The logical place to start this project is with the novel and general word count and frequency. Of the 422,779 words that make up the Gone with the Wind novel, 2539 of those are the word “Scarlett” (Fig. 1). This is not a surprising statistic, as Scarlett is the main character and focal point of the story. That being said, there are more instances of her name than the 3 next most common words – all of which are names as well – combined. As is clear in the frequency chart (Fig. 2) and the word loom (Fig. 3), instances of Scarlett’s name are more frequent than almost any other word in the novel by a fairly substantial margin.
What makes Figure 2 interesting is the relationships the other names have in relationship to both “Scarlett” and each other, specifically the occurrences of “Ashley” and “Rhett,” the two main romantic interests for Scarlett in the story. Everyone aware of Gone with the Wind usually recalls the love affair between Rhett Butler and Scarlett as the centerpiece of the story, which is true. However, it is not always the centerpiece of the actual text. Instances of Ashley’s name are more numerous than Rhett’s, at a count of 859 to 832, a difference of 25 times. While this may not seem like a lot, it contests the popular notion that this is just a story about Rhett and Scarlett; she has other men on her mind for a lot of the narrative. If only looking at the dialogue of the film, this would be supported, as there are 117 uttered instances of the name “Ashley” versus 109 for “Rhett” (Figure 4). That being said, the structure of the film does not, and explains why the culture at large has an understanding of the narrative centered on Rhett and Scarlett. Rhett has the second most lines of dialogue, clocking in at 495 lines of dialogue across the film’s nearly 4 hour run time, while Ashley comes in at a paltry 97 lines (fig. 5). This shift away from Ashley to focus more on Rhett makes sense from a Hollywood perspective, as the studio had Clark Gable cast as Rhett, and most likely wanted ensure the largest amount of screen time for the superstar as they could.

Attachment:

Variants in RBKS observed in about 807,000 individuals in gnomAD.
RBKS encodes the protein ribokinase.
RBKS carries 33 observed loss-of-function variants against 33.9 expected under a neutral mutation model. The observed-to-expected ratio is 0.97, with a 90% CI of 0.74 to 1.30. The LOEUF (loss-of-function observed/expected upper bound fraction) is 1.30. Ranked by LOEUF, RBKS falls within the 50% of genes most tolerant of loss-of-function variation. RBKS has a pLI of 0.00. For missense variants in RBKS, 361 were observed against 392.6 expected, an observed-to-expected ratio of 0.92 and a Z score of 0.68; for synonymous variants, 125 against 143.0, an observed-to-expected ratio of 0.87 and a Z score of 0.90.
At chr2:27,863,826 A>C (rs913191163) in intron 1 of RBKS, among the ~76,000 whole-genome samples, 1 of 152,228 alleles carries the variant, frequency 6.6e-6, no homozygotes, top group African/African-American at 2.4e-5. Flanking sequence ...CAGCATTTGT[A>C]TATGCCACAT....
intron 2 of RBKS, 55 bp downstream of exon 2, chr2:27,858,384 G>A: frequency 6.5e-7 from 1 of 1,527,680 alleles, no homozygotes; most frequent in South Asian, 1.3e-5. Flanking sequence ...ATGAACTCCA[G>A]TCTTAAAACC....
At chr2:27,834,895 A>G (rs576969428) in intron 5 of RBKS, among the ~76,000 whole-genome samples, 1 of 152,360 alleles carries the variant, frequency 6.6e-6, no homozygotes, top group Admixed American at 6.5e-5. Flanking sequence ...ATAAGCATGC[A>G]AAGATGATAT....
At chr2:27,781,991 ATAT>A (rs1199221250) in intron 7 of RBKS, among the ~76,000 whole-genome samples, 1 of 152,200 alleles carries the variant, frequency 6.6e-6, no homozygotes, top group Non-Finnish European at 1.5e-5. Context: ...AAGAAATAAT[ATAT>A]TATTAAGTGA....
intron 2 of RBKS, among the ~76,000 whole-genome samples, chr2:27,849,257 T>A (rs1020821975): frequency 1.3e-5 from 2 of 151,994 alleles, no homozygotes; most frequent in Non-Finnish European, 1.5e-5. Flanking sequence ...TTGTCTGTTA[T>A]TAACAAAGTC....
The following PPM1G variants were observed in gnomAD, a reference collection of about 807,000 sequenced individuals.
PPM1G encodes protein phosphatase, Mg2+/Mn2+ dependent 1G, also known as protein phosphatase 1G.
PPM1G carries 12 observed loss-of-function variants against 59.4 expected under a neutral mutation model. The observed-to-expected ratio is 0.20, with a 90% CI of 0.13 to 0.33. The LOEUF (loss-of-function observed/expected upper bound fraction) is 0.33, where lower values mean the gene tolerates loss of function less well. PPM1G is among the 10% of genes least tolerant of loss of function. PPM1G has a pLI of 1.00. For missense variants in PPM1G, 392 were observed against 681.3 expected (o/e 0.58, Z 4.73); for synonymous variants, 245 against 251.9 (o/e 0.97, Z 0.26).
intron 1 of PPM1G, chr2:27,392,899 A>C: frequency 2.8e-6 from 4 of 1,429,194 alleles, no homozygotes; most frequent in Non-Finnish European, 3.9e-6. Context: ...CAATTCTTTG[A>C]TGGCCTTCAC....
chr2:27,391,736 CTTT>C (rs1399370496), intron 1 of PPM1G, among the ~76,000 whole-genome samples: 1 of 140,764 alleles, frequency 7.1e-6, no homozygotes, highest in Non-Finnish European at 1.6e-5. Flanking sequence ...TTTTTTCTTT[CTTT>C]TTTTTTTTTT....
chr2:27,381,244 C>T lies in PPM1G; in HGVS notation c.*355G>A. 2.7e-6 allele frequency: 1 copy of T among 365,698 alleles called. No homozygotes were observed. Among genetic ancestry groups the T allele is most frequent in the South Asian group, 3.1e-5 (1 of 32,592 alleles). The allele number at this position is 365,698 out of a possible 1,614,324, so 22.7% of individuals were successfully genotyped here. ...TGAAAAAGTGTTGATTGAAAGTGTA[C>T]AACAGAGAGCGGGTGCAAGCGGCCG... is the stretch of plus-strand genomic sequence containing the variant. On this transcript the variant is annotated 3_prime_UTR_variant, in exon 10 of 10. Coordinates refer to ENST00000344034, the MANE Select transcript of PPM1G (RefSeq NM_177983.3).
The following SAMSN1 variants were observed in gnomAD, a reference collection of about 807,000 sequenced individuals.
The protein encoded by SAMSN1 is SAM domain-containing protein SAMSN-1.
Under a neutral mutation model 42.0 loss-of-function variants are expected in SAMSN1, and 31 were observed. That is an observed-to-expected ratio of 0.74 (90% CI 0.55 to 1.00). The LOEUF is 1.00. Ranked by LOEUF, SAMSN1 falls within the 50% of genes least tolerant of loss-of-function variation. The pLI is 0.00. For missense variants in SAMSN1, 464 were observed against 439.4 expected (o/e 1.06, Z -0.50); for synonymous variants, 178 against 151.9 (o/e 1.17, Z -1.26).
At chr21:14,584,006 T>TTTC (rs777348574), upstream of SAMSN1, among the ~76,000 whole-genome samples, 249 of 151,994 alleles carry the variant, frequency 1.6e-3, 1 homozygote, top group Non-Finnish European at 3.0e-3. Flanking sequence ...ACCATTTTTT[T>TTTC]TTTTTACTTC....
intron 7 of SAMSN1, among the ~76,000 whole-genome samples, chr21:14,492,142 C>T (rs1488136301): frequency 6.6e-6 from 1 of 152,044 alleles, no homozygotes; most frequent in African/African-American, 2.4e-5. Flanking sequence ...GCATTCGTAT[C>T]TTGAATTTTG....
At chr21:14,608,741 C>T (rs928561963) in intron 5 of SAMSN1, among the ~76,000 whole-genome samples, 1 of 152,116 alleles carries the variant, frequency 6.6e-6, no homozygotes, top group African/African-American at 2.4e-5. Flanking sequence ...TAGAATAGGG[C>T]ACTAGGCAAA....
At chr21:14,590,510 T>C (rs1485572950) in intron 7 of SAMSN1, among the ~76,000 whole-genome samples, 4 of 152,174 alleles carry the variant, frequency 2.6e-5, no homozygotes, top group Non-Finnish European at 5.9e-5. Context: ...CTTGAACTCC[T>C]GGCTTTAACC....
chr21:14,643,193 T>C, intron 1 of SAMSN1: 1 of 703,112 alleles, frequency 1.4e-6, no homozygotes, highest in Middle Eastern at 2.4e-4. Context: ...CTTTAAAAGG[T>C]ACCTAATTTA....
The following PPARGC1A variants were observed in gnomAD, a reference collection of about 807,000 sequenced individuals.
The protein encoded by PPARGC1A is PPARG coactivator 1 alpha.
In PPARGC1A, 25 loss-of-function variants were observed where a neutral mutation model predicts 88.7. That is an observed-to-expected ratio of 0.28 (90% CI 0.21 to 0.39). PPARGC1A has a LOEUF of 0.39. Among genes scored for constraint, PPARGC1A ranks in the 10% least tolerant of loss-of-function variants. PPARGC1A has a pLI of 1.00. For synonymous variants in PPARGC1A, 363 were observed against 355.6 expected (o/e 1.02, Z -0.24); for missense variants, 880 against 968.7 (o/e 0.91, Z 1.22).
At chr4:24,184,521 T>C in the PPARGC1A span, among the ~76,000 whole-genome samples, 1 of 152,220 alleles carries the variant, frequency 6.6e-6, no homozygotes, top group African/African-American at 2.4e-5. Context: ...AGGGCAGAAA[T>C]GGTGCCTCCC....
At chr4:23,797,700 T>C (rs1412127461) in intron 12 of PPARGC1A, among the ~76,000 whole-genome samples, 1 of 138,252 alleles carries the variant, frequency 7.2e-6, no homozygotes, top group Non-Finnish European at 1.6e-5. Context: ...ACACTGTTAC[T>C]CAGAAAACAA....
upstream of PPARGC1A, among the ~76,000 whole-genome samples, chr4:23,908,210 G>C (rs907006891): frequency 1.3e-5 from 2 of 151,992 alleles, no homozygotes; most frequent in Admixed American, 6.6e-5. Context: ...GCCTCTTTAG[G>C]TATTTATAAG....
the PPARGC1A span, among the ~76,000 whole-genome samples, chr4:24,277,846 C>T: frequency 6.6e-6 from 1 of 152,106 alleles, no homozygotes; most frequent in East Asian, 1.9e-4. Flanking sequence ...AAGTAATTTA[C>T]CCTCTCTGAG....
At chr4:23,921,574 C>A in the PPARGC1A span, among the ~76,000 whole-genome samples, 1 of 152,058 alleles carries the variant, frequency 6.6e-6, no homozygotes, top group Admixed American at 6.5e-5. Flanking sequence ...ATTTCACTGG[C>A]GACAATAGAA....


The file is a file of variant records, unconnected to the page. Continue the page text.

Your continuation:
This change in favor of Clark Gable is reflected not just in number of lines, but in the distribution of his lines and screen time. In figure 2, when tracking the relationship between mentions of Ashley and mentions of Rhett in the novel, Ashley’s line stays above Rhett for the first twenty-five percent or so of the text, which roughly corresponds to the section of the narrative before the Civil War begins, when nothing is occupying Scarlett’s mind except for social norms and marriage prospects. However, during the middle 50% or so of the novel, an inverse relationship forms, where Ashley becomes more prominent when Rhett is not being mentioned, which corresponds to the sections of the plot where he disappears for stretches of time. In these sequences, the graphs indicate that Scarlett’s mind wanders away from Rhett and back to Ashley, undercutting the magnetism of Rhett’s character, as he is unable to stay in her head for too long after he is gone. Indeed, even towards the end of the novel, once Scarlett and Rhett have been married, instances of Ashley’s name being mentioned in the text do not drop substantially; in fact, they increase in frequency, even in the face of the large spike in Rhett’s frequency.